Hansa Market Admins Also Ran a Pirated eBook Site

~4 min read | Published on 2019-07-03, tagged Darkweb-MarketGeneral-News using 918 words.

During the investigation in 2017 that led to the seizure of both Alphabay and Hansa Market, German law enforcement arrested two men for operating a pirated eBook shop online. Both men also allegedly operated Hansa Market. Now, two years after the bust, German authorities have charged the alleged operators of LuL.to for their alleged fraud and copyright law violations.
German authorities announced that the public prosecutor’s office had charged two men for computer fraud and copyright violation. A third man allegedly helped conceal payments. The charges were filed in connection with a pirated eBook and audiobook site that sold pirated content for less than a dollar each. The site, LuL.to, had more than 50,000 customers between 2013 and 2017.

During the investigation into the owners of LuL.to, German law enforcement found roughly 12 million euros worth of cryptocurrency. They seized and later sold the cryptocurrency in 2018.
The Hansa takedown was a result of the alleged LuL.to seizure. German law enforcement arrested the two administrators and placed them in custody. The suspects had no contact with the outside world except for conversations with their attorneys. Immedietly after the arrest, law enforcement in the Netherlands took control of the server hosting Hansa Market and stealthily conducted their operation to identify Hansa vendors and users.
[img=lul.to-compressor-21227355.jpeg]LuL.to Homepage[/img]

One of the two main suspects had leaked his IP address. After analyzing the data by the suspect’s Internet provider, more than 17,000 lines of chat communication were seized and evaluated. In it, the perpetrators also revealed their real names. The suspects, aged 30 and 31, were arrested. They handed over the account data and even trained the Dutch investigators.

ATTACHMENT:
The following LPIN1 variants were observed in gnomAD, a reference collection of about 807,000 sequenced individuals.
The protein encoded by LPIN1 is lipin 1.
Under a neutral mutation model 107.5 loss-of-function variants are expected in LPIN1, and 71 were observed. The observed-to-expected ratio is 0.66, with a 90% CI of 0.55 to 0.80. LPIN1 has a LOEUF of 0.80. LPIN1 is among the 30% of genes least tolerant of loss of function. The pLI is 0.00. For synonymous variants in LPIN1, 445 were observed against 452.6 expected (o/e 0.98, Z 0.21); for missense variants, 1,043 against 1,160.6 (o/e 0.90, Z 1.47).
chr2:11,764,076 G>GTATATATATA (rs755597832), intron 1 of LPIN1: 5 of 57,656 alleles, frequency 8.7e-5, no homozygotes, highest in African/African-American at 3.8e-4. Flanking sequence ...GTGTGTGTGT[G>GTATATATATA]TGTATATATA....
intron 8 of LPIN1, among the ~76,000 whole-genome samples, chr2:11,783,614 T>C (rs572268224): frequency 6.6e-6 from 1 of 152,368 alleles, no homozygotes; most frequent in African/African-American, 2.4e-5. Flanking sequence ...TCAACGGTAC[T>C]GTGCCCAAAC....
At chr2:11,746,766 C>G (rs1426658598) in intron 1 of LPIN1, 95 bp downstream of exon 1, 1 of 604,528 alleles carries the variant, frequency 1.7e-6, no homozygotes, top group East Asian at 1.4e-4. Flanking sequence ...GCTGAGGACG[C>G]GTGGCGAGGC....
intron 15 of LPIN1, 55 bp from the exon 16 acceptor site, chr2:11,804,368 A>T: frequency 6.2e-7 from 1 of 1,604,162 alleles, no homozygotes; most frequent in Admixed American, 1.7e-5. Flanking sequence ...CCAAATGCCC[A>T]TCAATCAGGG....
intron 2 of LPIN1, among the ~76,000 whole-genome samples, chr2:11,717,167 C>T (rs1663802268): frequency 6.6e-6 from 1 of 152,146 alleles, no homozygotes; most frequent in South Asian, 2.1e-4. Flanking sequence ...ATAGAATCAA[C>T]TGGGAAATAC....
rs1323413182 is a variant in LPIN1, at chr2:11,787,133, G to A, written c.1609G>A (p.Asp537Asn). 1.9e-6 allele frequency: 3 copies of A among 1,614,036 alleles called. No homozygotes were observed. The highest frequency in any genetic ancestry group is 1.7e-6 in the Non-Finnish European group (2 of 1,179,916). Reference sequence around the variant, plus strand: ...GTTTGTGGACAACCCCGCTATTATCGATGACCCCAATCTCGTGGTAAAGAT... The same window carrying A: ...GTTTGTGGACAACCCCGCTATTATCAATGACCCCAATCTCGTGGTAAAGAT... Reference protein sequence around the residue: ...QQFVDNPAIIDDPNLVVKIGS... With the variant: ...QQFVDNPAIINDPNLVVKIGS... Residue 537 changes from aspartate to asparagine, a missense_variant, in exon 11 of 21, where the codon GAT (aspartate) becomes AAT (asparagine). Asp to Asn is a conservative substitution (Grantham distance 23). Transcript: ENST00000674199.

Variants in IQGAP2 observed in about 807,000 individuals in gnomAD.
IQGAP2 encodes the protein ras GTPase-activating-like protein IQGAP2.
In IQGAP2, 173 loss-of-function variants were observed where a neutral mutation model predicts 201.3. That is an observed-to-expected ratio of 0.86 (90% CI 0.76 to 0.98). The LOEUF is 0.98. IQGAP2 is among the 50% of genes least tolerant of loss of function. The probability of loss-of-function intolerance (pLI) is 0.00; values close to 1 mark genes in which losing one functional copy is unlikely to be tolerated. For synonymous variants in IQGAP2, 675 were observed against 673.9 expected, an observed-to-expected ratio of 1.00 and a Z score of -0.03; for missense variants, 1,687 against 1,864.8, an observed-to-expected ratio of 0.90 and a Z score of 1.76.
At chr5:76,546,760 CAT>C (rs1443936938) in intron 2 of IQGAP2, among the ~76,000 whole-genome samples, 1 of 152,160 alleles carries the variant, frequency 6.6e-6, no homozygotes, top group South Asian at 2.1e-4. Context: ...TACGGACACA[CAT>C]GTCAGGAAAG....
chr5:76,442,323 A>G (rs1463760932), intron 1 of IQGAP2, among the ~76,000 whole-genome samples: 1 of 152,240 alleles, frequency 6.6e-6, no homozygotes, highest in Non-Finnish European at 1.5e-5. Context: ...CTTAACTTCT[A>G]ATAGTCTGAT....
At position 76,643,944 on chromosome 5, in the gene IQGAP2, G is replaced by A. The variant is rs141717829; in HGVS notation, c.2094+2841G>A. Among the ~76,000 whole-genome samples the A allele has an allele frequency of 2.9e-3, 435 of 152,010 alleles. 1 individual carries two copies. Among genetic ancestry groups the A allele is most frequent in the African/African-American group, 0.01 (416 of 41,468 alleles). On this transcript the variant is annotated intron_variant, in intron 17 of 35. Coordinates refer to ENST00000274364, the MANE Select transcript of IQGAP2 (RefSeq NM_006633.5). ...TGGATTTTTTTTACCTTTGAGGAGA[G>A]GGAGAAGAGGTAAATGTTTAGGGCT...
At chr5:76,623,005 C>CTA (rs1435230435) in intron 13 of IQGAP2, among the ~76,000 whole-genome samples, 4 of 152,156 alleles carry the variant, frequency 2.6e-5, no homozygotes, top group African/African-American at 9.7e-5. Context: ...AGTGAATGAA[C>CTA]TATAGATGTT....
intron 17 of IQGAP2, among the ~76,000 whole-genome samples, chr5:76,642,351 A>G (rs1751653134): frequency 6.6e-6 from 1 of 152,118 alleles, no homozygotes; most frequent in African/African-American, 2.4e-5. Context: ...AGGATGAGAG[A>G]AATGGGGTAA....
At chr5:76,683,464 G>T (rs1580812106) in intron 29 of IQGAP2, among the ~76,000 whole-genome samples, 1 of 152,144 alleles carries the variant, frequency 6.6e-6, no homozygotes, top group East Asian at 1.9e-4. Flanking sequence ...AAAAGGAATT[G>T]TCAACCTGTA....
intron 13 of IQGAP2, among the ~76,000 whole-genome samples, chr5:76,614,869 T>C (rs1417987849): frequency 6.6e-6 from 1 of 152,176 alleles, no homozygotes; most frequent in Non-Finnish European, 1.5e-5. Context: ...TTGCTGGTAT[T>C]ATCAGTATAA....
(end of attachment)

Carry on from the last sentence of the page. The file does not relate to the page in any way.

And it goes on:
Below is a copy of the press release from the ZCB (translated from German):
The Cybercrime Bayern central office, set up by the Bamberg Public Prosecutor’s Office, has charged a man from Baden-Württemberg and two men from North Rhine-Westphalia with 35,569 cases of commercial and gang-related computer fraud and aiding and abetting. indictment was brought before the District Court of Munich I.
After several years of investigations by the Central Office Cybercrime Bayern together with the CyberCrimeCompetenceCenter of the Saxony State Criminal Office, the Prosecutor General’s Office in Bamberg already announced at the end of May the alleged operators of the illegal book-sharing platform LuL.to indicted by the Economic Criminal Chamber of the Munich District Court I. The two main defendants from North Rhine-Westphalia are charged with, among other things, 35,569 cases of commercial and gang-related computer fraud and 144,871 cases of the web-based unauthorised exploitation of copyrighted works. The third accusation is said to have helped you in particular by concealing payment flows.